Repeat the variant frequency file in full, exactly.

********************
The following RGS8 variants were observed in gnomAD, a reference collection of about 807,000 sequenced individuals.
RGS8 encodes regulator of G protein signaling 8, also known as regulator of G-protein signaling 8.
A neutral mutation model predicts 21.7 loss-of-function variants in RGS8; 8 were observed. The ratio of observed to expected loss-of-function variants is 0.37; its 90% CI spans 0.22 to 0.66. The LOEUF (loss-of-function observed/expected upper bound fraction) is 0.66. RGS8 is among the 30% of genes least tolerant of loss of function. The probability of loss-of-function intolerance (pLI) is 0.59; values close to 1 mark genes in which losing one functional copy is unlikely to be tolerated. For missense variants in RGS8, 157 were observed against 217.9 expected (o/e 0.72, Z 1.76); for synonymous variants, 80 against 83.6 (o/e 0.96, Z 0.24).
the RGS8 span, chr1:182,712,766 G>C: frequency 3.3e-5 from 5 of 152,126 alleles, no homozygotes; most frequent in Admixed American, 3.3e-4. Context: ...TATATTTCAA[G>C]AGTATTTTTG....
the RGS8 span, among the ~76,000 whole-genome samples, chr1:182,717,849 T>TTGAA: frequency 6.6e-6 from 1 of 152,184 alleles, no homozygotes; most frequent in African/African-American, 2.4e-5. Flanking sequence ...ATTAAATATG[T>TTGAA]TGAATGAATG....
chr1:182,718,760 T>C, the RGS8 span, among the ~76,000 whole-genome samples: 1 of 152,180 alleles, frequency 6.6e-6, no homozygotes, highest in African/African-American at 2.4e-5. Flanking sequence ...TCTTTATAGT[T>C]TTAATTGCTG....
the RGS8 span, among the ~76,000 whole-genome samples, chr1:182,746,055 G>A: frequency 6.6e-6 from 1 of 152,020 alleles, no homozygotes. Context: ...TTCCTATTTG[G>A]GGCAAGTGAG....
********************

The following RGS8 variants were observed in gnomAD, a reference collection of about 807,000 sequenced individuals.
RGS8 encodes regulator of G protein signaling 8, also known as regulator of G-protein signaling 8.
A neutral mutation model predicts 21.7 loss-of-function variants in RGS8; 8 were observed. The ratio of observed to expected loss-of-function variants is 0.37; its 90% CI spans 0.22 to 0.66. The LOEUF (loss-of-function observed/expected upper bound fraction) is 0.66. RGS8 is among the 30% of genes least tolerant of loss of function. The probability of loss-of-function intolerance (pLI) is 0.59; values close to 1 mark genes in which losing one functional copy is unlikely to be tolerated. For missense variants in RGS8, 157 were observed against 217.9 expected (o/e 0.72, Z 1.76); for synonymous variants, 80 against 83.6 (o/e 0.96, Z 0.24).
the RGS8 span, chr1:182,712,766 G>C: frequency 3.3e-5 from 5 of 152,126 alleles, no homozygotes; most frequent in Admixed American, 3.3e-4. Context: ...TATATTTCAA[G>C]AGTATTTTTG....
the RGS8 span, among the ~76,000 whole-genome samples, chr1:182,717,849 T>TTGAA: frequency 6.6e-6 from 1 of 152,184 alleles, no homozygotes; most frequent in African/African-American, 2.4e-5. Flanking sequence ...ATTAAATATG[T>TTGAA]TGAATGAATG....
chr1:182,718,760 T>C, the RGS8 span, among the ~76,000 whole-genome samples: 1 of 152,180 alleles, frequency 6.6e-6, no homozygotes, highest in African/African-American at 2.4e-5. Flanking sequence ...TCTTTATAGT[T>C]TTAATTGCTG....
the RGS8 span, among the ~76,000 whole-genome samples, chr1:182,746,055 G>A: frequency 6.6e-6 from 1 of 152,020 alleles, no homozygotes. Context: ...TTCCTATTTG[G>A]GGCAAGTGAG....